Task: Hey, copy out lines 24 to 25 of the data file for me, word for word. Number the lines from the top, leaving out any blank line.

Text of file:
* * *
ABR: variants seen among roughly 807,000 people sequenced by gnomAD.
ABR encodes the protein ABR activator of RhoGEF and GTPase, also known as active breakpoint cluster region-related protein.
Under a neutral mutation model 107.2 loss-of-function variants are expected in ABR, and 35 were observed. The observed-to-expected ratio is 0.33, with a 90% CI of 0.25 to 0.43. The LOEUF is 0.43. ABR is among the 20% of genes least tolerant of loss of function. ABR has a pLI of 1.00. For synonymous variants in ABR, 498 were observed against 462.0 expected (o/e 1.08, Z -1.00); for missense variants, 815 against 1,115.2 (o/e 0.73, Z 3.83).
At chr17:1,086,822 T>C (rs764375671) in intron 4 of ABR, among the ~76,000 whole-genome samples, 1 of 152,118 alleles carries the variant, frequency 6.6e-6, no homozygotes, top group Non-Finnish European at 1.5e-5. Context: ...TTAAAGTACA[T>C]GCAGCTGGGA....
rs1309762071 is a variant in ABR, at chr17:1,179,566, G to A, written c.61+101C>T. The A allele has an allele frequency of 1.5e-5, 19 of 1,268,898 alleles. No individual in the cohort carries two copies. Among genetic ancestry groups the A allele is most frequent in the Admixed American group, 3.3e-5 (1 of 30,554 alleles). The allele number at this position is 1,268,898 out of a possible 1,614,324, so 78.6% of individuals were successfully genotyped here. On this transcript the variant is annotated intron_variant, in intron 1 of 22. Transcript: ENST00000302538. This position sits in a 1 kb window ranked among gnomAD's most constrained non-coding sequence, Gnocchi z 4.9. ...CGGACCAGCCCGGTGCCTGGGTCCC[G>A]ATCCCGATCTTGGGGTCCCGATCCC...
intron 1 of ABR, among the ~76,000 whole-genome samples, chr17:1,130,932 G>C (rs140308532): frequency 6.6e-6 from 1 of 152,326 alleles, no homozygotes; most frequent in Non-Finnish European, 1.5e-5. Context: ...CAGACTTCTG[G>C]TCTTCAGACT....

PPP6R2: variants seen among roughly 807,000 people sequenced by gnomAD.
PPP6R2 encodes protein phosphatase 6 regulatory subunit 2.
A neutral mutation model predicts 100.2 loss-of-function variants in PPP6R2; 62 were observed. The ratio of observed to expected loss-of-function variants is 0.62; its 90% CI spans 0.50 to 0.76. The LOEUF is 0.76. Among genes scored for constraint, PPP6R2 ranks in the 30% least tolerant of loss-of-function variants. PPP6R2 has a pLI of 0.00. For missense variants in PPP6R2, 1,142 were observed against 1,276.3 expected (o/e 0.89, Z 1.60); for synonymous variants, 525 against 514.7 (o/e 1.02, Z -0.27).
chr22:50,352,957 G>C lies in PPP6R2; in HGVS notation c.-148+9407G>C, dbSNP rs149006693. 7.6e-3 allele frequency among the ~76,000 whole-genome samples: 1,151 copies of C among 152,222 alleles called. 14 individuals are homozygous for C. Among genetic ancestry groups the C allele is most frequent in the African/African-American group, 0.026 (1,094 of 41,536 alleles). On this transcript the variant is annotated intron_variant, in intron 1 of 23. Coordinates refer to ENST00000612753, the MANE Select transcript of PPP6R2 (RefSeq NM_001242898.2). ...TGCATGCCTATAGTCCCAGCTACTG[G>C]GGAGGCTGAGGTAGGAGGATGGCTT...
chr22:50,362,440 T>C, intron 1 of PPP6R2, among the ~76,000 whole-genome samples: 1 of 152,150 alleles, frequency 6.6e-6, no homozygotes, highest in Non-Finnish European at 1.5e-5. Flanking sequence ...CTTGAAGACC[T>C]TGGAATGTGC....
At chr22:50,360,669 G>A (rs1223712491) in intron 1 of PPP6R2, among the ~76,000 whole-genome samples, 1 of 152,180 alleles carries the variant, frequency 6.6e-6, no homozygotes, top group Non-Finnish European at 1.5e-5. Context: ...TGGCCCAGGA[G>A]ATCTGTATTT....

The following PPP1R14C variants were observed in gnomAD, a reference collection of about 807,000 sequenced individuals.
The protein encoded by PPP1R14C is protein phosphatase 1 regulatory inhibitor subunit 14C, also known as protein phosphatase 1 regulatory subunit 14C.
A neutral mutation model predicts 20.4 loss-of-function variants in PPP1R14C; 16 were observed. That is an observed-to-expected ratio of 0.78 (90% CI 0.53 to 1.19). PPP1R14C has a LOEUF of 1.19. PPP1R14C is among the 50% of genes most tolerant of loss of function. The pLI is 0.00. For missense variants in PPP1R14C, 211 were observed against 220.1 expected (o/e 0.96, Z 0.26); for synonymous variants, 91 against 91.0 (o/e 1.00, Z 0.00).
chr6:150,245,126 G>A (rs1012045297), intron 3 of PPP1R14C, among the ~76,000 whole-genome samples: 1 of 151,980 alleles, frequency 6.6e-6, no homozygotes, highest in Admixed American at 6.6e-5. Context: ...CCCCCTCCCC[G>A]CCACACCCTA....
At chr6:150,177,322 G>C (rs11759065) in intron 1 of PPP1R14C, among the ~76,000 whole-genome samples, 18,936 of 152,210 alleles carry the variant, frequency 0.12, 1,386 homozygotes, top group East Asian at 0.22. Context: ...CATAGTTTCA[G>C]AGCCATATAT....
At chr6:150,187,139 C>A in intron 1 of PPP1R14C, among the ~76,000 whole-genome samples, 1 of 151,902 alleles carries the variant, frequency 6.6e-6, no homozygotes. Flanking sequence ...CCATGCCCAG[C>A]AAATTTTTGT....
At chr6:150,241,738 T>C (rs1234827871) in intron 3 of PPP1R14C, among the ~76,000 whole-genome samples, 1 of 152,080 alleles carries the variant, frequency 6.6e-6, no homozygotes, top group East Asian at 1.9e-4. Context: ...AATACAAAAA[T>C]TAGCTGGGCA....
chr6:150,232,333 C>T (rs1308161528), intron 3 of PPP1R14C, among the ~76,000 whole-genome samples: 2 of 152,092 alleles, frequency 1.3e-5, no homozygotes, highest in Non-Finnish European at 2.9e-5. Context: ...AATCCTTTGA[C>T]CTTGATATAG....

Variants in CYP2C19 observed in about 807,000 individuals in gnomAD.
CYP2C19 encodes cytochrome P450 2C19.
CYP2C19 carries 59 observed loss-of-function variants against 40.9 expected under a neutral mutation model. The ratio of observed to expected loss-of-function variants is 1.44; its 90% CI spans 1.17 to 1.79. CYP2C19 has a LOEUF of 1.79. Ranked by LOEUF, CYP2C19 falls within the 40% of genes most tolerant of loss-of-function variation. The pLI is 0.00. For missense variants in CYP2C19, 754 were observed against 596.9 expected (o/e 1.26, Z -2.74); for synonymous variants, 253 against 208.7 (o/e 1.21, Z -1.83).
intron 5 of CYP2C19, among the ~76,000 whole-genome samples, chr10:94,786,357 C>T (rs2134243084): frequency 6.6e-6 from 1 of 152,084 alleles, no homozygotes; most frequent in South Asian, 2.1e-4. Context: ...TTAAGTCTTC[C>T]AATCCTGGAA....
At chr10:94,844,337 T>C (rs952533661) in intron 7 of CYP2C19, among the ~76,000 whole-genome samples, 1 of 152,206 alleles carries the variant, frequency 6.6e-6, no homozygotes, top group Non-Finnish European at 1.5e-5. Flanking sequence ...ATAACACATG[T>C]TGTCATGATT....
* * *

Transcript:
intron 5 of CYP2C19, among the ~76,000 whole-genome samples, chr10:94,786,357 C>T (rs2134243084): frequency 6.6e-6 from 1 of 152,084 alleles, no homozygotes; most frequent in South Asian, 2.1e-4. Context: ...TTAAGTCTTC[C>T]AATCCTGGAA....
At chr10:94,844,337 T>C (rs952533661) in intron 7 of CYP2C19, among the ~76,000 whole-genome samples, 1 of 152,206 alleles carries the variant, frequency 6.6e-6, no homozygotes, top group Non-Finnish European at 1.5e-5. Flanking sequence ...ATAACACATG[T>C]TGTCATGATT....